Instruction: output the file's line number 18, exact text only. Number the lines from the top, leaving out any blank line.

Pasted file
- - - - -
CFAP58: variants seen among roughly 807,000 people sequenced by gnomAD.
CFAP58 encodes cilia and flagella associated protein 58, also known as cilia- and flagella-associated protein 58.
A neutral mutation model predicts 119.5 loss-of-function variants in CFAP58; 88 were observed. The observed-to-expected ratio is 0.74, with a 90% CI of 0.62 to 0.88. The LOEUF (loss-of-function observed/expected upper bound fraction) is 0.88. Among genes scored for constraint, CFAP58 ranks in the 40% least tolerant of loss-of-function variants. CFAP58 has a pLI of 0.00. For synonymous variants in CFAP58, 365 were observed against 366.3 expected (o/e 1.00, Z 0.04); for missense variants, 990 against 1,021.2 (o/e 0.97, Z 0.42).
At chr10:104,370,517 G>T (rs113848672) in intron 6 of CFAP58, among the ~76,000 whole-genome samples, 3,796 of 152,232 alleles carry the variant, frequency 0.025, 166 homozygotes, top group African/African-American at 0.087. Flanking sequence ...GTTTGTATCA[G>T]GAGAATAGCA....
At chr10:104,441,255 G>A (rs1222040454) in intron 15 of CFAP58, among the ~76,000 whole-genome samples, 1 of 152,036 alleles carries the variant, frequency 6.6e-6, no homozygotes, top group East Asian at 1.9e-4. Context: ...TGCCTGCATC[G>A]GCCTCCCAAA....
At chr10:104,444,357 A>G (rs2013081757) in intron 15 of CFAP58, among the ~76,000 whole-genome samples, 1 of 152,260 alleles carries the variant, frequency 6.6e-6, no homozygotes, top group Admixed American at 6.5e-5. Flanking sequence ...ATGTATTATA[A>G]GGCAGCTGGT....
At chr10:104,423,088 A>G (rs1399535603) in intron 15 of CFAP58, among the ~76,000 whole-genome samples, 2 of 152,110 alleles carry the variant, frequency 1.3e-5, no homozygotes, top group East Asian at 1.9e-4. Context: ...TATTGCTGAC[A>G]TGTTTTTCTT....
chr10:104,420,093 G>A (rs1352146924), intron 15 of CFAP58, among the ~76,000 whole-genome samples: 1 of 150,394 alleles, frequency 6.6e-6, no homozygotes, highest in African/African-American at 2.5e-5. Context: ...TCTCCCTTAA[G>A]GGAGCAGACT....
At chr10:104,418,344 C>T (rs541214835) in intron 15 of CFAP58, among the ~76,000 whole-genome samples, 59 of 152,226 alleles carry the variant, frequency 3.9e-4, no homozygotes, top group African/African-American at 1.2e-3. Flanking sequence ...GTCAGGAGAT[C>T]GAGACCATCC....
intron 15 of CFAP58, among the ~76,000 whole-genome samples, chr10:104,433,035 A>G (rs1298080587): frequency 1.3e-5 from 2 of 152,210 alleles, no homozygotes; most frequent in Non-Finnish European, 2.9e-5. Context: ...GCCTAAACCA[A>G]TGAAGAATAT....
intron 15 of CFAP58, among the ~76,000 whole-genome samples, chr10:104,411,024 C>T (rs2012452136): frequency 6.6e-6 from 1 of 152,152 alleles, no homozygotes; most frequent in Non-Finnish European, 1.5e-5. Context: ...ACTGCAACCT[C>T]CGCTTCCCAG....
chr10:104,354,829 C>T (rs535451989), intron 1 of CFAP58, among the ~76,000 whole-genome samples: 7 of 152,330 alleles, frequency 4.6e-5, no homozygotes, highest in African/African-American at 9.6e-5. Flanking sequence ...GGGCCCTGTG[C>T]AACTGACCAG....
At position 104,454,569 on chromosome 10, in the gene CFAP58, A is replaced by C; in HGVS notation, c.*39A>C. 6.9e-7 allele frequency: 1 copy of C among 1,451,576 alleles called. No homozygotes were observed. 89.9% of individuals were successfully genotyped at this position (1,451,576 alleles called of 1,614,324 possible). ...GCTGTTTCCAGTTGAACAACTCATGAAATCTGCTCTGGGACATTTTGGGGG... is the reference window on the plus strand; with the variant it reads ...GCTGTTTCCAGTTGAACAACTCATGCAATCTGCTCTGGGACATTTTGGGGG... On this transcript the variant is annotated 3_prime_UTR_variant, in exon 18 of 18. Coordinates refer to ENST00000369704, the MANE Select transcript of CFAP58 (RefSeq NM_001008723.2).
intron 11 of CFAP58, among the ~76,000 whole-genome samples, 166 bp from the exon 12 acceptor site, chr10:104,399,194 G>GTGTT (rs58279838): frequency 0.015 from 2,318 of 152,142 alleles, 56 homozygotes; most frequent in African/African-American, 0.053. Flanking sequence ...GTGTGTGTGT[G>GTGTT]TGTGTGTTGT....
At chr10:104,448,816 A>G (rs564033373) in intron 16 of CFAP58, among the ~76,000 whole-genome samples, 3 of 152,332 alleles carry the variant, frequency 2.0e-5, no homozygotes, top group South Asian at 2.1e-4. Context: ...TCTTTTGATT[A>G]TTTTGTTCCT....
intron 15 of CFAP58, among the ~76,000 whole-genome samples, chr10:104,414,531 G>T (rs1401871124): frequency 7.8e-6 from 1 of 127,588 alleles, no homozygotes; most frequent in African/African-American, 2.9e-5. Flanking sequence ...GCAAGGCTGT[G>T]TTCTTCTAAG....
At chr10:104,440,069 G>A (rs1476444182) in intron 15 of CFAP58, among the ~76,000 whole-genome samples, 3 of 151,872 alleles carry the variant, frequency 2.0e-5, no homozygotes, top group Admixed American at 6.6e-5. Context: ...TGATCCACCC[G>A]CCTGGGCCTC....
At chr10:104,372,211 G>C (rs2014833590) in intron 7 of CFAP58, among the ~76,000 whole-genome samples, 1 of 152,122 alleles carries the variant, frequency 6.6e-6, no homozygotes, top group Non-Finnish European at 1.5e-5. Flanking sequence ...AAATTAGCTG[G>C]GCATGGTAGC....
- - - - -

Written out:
At chr10:104,372,211 G>C (rs2014833590) in intron 7 of CFAP58, among the ~76,000 whole-genome samples, 1 of 152,122 alleles carries the variant, frequency 6.6e-6, no homozygotes, top group Non-Finnish European at 1.5e-5. Flanking sequence ...AAATTAGCTG[G>C]GCATGGTAGC....